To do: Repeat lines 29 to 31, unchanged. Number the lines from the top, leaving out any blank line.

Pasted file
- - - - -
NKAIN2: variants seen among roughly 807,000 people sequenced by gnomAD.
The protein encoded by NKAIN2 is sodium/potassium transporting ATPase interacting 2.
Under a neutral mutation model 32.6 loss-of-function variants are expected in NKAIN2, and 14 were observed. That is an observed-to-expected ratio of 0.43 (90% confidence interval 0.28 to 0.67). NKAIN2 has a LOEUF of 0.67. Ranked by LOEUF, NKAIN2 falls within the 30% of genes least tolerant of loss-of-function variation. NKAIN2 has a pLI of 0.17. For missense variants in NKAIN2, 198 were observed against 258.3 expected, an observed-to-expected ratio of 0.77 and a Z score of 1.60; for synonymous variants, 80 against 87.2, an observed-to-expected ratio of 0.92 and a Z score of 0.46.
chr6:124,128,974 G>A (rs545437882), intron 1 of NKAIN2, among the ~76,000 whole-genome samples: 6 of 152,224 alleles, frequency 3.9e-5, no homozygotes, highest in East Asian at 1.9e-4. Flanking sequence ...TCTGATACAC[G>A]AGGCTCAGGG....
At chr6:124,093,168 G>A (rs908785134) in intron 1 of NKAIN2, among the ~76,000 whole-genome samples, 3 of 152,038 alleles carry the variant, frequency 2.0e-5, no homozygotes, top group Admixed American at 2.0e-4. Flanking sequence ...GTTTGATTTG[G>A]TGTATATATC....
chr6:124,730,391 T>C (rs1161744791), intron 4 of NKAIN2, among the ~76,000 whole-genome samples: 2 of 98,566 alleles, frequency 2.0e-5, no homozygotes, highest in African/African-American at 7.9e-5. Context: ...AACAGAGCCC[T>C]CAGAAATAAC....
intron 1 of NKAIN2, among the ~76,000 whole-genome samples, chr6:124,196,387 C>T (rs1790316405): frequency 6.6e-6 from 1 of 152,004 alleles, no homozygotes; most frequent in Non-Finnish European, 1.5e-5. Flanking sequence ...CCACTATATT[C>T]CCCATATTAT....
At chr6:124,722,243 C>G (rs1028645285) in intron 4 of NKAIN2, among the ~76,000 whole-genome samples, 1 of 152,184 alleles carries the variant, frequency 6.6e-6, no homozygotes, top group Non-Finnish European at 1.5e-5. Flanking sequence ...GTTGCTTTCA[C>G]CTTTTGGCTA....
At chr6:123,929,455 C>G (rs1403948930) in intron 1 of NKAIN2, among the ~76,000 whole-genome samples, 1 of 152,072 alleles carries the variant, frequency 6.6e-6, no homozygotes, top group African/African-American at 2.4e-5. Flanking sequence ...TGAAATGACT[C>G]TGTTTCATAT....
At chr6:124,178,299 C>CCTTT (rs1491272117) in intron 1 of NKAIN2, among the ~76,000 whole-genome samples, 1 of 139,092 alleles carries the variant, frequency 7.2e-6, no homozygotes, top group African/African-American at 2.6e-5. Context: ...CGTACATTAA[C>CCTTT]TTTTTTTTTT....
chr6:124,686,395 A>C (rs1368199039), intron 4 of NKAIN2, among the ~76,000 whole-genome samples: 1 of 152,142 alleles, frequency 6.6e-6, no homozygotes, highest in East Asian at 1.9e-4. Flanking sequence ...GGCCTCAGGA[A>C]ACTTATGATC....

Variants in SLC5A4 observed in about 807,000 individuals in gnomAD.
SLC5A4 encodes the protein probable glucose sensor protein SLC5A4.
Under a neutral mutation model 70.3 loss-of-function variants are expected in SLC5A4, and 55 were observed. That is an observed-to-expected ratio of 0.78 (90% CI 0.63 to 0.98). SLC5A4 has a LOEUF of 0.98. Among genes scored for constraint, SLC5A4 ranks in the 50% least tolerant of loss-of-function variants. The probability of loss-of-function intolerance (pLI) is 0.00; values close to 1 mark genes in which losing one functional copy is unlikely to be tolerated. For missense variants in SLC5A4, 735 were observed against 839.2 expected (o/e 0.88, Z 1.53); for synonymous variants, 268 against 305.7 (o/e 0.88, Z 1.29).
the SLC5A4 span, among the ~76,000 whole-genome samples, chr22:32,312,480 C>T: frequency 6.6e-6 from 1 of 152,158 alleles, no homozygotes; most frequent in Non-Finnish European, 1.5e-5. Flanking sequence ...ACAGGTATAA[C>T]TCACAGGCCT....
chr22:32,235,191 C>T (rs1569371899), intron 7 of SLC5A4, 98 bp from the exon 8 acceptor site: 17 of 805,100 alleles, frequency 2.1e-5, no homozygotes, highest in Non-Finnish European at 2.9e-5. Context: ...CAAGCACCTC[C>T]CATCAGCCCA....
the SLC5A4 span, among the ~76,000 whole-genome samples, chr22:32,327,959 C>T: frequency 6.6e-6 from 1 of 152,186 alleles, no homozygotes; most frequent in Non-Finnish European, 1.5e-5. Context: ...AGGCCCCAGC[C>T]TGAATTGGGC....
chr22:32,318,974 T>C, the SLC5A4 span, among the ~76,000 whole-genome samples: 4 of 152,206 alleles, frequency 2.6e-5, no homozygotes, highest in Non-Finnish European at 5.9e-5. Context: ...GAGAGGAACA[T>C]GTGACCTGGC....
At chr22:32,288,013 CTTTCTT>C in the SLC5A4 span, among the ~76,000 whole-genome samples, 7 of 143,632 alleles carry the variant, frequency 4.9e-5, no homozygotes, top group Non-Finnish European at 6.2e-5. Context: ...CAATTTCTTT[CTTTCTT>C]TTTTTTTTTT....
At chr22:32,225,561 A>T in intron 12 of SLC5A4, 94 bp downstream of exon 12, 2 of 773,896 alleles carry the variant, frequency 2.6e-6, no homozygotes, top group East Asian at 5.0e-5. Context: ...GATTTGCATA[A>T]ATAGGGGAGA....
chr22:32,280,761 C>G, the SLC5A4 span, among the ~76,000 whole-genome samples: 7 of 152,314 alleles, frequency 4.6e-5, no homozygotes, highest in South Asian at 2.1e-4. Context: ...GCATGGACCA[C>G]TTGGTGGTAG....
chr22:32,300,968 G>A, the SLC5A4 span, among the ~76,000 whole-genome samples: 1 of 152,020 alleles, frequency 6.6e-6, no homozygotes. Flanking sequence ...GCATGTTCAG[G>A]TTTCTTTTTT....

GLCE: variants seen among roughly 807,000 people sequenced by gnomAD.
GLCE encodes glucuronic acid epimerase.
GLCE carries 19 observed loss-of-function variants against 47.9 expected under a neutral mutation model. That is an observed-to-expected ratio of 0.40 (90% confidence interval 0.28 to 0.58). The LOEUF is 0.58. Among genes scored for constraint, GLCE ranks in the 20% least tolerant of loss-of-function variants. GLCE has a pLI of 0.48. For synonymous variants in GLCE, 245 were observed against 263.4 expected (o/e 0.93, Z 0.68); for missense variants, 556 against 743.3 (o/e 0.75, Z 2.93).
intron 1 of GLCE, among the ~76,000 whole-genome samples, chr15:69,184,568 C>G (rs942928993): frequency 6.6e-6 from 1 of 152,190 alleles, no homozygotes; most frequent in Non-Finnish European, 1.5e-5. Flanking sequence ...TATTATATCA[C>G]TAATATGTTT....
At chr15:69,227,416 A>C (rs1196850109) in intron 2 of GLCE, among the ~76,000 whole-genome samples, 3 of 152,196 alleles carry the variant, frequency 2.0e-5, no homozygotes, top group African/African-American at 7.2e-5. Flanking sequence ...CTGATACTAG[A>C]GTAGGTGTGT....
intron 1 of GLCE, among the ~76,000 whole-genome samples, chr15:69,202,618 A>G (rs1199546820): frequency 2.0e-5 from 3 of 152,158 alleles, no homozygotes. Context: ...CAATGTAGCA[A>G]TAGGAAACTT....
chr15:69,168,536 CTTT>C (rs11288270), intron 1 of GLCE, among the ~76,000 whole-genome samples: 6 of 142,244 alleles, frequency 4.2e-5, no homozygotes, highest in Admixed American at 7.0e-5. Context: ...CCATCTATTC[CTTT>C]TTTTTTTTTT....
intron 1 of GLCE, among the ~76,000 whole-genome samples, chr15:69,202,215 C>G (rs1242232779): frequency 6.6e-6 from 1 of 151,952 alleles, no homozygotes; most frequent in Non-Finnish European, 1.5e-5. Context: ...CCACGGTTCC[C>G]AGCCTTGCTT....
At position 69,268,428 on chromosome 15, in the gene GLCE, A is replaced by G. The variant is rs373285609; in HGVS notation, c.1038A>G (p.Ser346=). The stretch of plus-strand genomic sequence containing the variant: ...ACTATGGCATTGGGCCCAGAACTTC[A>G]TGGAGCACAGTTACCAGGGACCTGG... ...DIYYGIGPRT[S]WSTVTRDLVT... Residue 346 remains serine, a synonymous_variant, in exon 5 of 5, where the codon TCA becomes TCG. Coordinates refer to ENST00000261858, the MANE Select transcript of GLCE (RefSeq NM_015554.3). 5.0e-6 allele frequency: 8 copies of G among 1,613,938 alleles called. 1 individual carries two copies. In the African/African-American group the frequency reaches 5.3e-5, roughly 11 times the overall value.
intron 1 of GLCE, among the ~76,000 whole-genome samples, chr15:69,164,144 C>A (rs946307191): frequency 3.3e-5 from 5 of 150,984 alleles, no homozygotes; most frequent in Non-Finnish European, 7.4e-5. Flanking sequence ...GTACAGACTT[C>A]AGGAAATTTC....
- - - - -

chr15:69,168,536 CTTT>C (rs11288270), intron 1 of GLCE, among the ~76,000 whole-genome samples: 6 of 142,244 alleles, frequency 4.2e-5, no homozygotes, highest in Admixed American at 7.0e-5. Context: ...CCATCTATTC[CTTT>C]TTTTTTTTTT....
intron 1 of GLCE, among the ~76,000 whole-genome samples, chr15:69,202,215 C>G (rs1242232779): frequency 6.6e-6 from 1 of 151,952 alleles, no homozygotes; most frequent in Non-Finnish European, 1.5e-5. Context: ...CCACGGTTCC[C>G]AGCCTTGCTT....
At position 69,268,428 on chromosome 15, in the gene GLCE, A is replaced by G. The variant is rs373285609; in HGVS notation, c.1038A>G (p.Ser346=). The stretch of plus-strand genomic sequence containing the variant: ...ACTATGGCATTGGGCCCAGAACTTC[A>G]TGGAGCACAGTTACCAGGGACCTGG... ...DIYYGIGPRT[S]WSTVTRDLVT... Residue 346 remains serine, a synonymous_variant, in exon 5 of 5, where the codon TCA becomes TCG. Coordinates refer to ENST00000261858, the MANE Select transcript of GLCE (RefSeq NM_015554.3). 5.0e-6 allele frequency: 8 copies of G among 1,613,938 alleles called. 1 individual carries two copies. In the African/African-American group the frequency reaches 5.3e-5, roughly 11 times the overall value.